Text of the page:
Our simulation results show that by 2050, when crop yields evolve according to the “moderate” yield growth assumption, cropland would extend in all European regions compared to “2010” whatever the assumption on diets, such as no land would be available for developing other productions. However, when crop yields change according to the “trend-based” yield growth assumption, the need for farmland in some European regions – East Europe, Poland and Germany – would diminish compared to current levels (Tab. 1). The extent of the cropland surplus would vary considerably according to the diet assumption.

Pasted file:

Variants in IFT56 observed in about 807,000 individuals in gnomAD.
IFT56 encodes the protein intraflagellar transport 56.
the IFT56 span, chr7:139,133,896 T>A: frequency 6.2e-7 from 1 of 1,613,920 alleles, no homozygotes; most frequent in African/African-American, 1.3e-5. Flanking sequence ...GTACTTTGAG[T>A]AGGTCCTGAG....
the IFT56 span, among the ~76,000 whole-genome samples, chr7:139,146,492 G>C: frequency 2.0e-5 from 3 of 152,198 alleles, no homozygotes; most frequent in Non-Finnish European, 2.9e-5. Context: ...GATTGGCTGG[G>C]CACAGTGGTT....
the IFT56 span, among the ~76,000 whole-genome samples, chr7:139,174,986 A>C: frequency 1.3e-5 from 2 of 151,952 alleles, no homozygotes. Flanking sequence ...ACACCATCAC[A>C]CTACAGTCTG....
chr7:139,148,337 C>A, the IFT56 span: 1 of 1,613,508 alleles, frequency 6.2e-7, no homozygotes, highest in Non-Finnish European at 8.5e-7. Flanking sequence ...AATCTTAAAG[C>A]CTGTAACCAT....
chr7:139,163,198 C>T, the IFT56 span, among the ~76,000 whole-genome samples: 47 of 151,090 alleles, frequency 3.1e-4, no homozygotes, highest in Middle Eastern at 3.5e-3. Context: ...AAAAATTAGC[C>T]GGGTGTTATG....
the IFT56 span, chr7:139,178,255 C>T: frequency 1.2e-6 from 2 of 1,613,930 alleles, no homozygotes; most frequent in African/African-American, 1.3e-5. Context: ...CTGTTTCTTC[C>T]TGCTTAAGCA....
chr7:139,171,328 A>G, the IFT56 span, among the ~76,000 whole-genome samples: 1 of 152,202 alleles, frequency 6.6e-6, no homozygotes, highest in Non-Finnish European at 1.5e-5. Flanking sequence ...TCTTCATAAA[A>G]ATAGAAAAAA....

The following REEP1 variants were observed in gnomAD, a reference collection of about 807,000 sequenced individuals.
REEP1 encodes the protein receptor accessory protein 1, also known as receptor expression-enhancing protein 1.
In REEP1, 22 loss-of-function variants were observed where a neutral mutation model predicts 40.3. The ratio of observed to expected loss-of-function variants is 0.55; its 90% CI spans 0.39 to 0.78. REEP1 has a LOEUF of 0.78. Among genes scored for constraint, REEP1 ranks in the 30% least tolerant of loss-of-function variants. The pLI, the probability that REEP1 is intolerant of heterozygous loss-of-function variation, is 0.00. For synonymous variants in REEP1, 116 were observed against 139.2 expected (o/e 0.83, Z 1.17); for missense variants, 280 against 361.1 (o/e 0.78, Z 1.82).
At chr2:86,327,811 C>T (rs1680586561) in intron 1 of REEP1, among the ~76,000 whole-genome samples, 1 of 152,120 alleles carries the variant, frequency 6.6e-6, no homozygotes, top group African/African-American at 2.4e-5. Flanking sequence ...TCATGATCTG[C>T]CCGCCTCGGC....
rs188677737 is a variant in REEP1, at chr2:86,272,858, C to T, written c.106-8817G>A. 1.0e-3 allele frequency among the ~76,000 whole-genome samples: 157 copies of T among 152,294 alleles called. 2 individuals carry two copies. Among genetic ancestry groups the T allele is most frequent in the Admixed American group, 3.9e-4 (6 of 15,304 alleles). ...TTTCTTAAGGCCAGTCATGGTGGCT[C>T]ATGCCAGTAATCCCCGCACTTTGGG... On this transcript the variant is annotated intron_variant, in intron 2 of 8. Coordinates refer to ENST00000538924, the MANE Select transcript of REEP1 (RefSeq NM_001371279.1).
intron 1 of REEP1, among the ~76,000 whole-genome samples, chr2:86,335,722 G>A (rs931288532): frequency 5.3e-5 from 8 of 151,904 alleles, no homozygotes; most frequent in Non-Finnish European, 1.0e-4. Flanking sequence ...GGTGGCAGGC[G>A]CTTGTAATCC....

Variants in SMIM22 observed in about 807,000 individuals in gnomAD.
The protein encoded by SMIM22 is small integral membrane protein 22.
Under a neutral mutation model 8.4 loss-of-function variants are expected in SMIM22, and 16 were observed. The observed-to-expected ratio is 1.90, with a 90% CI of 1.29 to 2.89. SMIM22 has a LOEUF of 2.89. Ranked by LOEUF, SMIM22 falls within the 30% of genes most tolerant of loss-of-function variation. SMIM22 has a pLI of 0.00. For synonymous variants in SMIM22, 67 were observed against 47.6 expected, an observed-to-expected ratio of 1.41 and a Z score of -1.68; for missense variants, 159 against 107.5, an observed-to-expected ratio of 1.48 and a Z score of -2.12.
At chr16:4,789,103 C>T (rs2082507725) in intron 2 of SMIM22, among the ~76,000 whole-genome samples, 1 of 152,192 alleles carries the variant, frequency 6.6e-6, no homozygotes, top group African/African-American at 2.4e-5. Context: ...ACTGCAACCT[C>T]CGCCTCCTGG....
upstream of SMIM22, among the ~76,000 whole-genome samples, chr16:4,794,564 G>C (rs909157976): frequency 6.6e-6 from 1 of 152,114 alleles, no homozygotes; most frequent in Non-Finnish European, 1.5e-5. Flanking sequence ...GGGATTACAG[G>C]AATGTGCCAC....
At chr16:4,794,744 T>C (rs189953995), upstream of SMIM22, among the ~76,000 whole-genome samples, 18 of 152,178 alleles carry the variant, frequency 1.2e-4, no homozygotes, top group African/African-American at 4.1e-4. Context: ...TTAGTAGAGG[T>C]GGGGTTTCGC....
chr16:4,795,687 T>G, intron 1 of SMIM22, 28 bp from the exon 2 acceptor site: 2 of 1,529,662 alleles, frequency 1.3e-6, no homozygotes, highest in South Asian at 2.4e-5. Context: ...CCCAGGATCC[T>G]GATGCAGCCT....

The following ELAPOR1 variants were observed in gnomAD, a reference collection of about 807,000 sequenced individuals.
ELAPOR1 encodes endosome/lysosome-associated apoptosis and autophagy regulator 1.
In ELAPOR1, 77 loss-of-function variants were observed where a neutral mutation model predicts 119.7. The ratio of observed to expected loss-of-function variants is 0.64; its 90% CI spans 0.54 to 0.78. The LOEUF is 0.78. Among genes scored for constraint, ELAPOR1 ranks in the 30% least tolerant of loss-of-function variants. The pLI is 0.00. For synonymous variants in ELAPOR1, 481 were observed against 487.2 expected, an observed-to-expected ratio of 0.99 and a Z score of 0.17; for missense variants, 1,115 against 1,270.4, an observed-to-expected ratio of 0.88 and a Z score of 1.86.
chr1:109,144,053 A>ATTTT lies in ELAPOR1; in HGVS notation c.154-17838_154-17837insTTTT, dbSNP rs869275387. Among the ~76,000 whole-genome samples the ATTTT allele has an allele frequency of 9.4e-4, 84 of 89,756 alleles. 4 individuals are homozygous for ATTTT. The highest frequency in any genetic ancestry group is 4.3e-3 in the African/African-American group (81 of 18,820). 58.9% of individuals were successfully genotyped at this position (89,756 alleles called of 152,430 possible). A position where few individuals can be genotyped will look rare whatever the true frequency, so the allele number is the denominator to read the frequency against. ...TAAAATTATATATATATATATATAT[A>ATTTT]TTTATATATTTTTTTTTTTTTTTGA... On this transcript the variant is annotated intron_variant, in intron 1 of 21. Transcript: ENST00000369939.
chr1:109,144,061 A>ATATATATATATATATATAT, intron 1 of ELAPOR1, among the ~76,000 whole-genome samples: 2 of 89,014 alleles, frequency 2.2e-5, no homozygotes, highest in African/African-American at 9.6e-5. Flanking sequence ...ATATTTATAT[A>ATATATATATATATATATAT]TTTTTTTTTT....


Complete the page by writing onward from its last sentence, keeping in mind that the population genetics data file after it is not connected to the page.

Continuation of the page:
In the Trend-based Diets scenario, three European regions would experience a reduction in cropland needs compared to “2010”: Poland (−0.9 million ha), East Europe (−2.5 million ha) and South Europe (−3 million ha), (Tab. 1). However, the reduction in cropland in this latter region compared to “2010” is in fact due to a decrease in land suitable for crop production due to climate change and when potentially urban areas on suitable land are deduced from this land1. Thereby this land cannot be considered as freed land available for soybean production. The total potential cropland area available in 2050 in this scenario is thus shared between Poland and East Europe with a total of 3.5 million ha (Fig. 4).